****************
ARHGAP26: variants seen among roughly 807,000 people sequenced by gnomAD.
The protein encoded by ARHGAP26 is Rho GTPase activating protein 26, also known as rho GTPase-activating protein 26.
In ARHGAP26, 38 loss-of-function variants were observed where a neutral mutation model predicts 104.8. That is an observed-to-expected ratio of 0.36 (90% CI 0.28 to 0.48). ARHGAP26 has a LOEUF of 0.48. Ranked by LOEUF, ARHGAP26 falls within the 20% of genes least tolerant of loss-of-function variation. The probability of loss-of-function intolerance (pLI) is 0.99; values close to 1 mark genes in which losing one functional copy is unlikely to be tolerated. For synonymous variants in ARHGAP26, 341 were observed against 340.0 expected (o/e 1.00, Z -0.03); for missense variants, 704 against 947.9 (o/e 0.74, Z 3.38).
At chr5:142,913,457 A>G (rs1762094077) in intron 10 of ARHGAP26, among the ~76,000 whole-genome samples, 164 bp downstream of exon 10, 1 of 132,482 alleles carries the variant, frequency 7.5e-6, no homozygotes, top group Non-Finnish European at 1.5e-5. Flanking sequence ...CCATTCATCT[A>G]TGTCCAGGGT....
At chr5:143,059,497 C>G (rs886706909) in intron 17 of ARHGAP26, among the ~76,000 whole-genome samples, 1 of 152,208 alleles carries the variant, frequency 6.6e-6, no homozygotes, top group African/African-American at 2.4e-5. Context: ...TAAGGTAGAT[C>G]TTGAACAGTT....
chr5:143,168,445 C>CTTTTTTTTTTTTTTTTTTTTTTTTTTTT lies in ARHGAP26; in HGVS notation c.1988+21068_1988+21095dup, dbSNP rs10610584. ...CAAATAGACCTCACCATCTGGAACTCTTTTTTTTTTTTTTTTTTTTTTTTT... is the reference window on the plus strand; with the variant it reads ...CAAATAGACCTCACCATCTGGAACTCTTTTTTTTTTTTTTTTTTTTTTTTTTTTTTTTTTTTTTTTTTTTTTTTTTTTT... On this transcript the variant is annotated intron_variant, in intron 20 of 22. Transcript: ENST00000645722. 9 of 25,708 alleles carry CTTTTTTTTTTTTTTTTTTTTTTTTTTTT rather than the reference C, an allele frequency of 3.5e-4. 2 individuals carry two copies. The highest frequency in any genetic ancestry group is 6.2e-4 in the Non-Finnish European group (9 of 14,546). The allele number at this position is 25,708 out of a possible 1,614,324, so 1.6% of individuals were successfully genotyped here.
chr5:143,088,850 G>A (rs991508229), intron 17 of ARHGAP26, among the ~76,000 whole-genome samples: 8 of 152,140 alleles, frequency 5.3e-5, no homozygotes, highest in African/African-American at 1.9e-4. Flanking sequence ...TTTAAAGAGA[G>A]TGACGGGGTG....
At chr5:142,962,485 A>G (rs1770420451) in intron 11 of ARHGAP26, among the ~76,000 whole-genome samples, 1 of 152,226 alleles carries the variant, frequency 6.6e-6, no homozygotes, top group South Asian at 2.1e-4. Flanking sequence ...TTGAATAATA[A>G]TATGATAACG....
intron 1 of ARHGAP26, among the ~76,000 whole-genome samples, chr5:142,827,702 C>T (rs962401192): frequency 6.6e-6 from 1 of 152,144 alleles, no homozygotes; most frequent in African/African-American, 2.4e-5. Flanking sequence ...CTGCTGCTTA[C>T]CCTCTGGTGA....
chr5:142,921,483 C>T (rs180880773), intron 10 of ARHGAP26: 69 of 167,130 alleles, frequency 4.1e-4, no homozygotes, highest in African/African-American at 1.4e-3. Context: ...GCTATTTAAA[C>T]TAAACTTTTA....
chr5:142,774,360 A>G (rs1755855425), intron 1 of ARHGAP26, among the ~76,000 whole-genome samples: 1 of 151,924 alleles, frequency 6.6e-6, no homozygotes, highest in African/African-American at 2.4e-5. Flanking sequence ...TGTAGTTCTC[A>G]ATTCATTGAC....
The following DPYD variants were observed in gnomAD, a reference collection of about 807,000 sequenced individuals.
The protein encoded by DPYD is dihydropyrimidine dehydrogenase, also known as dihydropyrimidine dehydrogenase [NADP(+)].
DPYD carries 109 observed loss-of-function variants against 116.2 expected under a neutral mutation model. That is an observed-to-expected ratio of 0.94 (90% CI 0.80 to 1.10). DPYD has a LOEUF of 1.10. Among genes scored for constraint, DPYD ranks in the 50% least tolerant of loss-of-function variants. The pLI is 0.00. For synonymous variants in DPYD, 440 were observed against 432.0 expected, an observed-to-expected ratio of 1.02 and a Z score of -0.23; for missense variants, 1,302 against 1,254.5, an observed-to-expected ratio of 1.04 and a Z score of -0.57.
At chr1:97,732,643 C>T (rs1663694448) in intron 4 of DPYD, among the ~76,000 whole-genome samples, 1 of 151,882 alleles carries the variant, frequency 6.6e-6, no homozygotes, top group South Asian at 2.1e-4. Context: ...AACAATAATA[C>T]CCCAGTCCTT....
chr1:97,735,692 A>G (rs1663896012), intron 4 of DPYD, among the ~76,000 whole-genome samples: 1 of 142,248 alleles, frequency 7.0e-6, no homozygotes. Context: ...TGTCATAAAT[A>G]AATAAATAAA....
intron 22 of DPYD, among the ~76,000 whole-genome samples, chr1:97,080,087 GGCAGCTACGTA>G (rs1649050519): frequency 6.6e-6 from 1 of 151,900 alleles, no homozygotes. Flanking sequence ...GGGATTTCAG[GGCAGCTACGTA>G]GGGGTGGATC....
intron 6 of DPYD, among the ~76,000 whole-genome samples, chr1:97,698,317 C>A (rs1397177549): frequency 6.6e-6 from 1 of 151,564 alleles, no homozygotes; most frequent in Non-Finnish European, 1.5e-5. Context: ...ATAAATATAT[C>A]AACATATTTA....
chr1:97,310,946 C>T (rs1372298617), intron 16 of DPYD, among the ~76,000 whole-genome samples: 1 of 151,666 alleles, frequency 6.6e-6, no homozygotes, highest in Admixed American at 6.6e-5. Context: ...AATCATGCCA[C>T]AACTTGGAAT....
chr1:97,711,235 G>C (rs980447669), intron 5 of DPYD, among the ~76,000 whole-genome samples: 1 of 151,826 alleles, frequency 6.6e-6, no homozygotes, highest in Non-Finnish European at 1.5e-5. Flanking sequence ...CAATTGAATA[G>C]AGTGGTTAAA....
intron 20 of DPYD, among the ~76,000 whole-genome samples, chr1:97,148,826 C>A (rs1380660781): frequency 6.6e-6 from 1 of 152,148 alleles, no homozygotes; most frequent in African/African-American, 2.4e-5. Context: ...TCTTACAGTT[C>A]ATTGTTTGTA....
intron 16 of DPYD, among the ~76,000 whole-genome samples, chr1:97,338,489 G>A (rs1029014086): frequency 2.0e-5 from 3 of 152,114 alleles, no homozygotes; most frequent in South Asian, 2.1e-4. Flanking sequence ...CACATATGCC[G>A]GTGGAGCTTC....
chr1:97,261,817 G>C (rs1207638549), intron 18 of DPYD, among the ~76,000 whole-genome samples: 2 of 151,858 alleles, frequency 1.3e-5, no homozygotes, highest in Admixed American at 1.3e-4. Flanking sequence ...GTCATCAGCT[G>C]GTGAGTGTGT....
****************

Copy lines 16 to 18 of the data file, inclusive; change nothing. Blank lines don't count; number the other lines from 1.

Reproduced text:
chr1:97,735,692 A>G (rs1663896012), intron 4 of DPYD, among the ~76,000 whole-genome samples: 1 of 142,248 alleles, frequency 7.0e-6, no homozygotes. Context: ...TGTCATAAAT[A>G]AATAAATAAA....
intron 22 of DPYD, among the ~76,000 whole-genome samples, chr1:97,080,087 GGCAGCTACGTA>G (rs1649050519): frequency 6.6e-6 from 1 of 151,900 alleles, no homozygotes. Flanking sequence ...GGGATTTCAG[GGCAGCTACGTA>G]GGGGTGGATC....
intron 6 of DPYD, among the ~76,000 whole-genome samples, chr1:97,698,317 C>A (rs1397177549): frequency 6.6e-6 from 1 of 151,564 alleles, no homozygotes; most frequent in Non-Finnish European, 1.5e-5. Context: ...ATAAATATAT[C>A]AACATATTTA....